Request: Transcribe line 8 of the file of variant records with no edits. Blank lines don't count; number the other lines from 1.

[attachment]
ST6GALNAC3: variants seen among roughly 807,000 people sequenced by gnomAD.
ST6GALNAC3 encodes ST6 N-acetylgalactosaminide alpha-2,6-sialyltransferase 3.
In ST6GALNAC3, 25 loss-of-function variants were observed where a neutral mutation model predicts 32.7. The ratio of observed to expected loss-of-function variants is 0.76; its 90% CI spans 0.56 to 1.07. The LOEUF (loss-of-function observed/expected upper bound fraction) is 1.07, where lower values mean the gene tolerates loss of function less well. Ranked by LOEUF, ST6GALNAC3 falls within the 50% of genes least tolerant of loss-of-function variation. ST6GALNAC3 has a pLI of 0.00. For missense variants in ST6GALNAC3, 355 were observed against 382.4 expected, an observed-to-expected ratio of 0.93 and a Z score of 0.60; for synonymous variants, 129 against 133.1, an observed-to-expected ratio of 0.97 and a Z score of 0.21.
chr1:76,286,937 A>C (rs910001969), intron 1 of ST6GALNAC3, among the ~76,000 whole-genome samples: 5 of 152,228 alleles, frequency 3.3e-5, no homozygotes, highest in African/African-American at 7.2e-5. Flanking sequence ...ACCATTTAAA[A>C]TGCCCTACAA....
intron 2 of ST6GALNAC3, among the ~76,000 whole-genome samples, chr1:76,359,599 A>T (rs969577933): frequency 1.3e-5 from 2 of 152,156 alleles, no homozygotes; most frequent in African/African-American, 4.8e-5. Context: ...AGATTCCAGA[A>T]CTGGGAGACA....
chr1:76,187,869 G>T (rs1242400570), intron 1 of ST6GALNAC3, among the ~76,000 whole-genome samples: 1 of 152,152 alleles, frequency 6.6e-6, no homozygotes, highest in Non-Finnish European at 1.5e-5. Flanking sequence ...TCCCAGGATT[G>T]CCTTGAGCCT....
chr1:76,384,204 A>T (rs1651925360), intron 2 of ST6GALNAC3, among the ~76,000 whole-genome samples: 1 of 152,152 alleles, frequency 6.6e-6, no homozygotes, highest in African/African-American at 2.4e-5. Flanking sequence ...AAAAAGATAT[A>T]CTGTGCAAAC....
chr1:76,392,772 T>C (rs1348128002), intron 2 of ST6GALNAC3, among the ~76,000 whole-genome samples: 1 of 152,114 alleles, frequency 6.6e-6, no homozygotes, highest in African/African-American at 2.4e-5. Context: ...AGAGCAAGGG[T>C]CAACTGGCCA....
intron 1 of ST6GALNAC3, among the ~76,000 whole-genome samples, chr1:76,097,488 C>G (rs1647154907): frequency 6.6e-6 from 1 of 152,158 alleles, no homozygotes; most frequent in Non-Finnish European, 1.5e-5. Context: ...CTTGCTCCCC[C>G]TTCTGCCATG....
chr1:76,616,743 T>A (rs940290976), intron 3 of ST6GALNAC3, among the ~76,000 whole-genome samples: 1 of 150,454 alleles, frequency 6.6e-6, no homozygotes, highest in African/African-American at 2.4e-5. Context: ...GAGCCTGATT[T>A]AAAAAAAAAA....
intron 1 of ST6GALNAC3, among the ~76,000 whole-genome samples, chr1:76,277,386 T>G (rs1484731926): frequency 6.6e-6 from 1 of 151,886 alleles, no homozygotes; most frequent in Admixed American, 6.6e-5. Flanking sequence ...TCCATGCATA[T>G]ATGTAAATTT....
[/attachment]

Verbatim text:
chr1:76,392,772 T>C (rs1348128002), intron 2 of ST6GALNAC3, among the ~76,000 whole-genome samples: 1 of 152,114 alleles, frequency 6.6e-6, no homozygotes, highest in African/African-American at 2.4e-5. Context: ...AGAGCAAGGG[T>C]CAACTGGCCA....